Some sexually transmitted diseases are on the rise in Western Australia, with Aboriginal communities in the north hit particularly hard by a syphilis outbreak.
Across the population, Syphilis has more than doubled the five-year average, up 112 per cent. More than 95 per cent of cases reported in Perth were in men.
However the rate increased by 38 per cent among Aboriginal people, associated with an ongoing outbreak in the Kimberley region, and decreased by 13 per cent among non-Aboriginal people.
Australian Medical Association president Omar Khorshid said Aboriginal people in the north had been failed.
“It’s really sad that we’ve actually had and outbreak of syphilis that started in north Queensland that’s gone right across the north of Australia, through the Northern Territory and into the Kimberley through our Aboriginal populations,” Dr Khorshid said.
“In this day and age, in a medical system that’s had a cure for that condition for many decades, the fact we are still seeing an outbreak of such an easily treated infectious disease really says a lot about our failure as a community to deal with the health issues in our Aboriginal communities.”
Meanwhile, in 2017, gonorrhoea notifications increased by 50 percent on the 5-year average, but were down 13 percent from 2016.
Chlamydia notifications over the past five years remained relatively stable.
People aged 20 to 29 years old were the highest represented group and made up over half of all chlamydia notifications.
Dr Khorshid said the community no longer practised the same level of diligence with safe sexual practices as they did during the height of the HIV outbreak.
“As people are getting more complacent about the risk of HIV, they’re forgetting some of the simple messages that have been out for a long time about how you prevent sexually transmitted infections,” he said.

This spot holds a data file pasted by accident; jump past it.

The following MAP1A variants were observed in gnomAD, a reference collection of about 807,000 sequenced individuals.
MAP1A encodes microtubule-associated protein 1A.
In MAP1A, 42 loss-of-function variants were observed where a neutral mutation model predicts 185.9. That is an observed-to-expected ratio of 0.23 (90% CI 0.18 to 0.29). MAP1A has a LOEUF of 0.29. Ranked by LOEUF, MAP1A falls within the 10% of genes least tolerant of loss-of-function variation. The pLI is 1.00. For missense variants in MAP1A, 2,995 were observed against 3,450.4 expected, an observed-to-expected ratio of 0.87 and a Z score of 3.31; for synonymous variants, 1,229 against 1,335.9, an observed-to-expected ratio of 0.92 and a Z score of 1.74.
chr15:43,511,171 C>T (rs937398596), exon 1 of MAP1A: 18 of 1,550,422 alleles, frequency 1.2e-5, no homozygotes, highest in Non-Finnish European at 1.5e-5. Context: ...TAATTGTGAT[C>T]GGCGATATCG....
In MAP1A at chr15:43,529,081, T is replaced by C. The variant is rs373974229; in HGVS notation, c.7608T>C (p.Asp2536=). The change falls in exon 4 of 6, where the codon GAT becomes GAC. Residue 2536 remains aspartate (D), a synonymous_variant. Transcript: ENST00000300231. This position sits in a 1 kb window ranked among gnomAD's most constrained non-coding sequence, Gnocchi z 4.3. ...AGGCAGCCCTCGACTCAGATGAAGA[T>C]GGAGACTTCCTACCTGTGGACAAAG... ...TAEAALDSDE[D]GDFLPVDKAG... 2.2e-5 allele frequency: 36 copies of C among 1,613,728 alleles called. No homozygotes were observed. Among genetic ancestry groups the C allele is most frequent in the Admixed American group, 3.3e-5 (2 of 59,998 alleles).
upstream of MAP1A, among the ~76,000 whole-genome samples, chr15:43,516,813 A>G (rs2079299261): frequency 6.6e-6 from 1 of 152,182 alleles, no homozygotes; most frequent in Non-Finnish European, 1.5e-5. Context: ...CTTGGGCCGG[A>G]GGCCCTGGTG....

“It’s really important that people remember sexually transmitted infections still occur, they can occur in people who you would think might be low risk, and they certainly occur very commonly in higher risk populations such as men who have sex with men and in our Indigenous population where we have rates of Gonorrhoea 14 times as high as the rest of the community.
“Unfortunately in the case of Gonorrhoea it is becoming more resistant to anti-biotics and if we don’t follow the simple messages around prevention then we may be in a situation where we’re not actually able to treat infections.”
WA Minister for Health Roger Cook urged people of all ages to get tested for sexually transmitted diseases.
“It is concerning because an STI left undiagnosed or untreated is really quite a serious thing,” Mr Cook said.
“So it’s important that people get to their GPs.
“It’s a simple blood test and it can really make sure that you get the help you need when you need it.”
Syphilis is a bacterial infection usually spread by sexual contact.
It starts as a small painless sore on the mouth, anus or genitals, which can become a body rash and without treatment go on to damage organs, including the brain.
Mr Cook said safe sex was one of the easiest ways to prevent STIs.
“The safe sex message has never been more important and because of that we want people to make sure they protect themselves if they are going to undertake sexual activity,” Mr Cook said.
The Minister said people should not be embarrassed to get a check up from their GP or health care professional.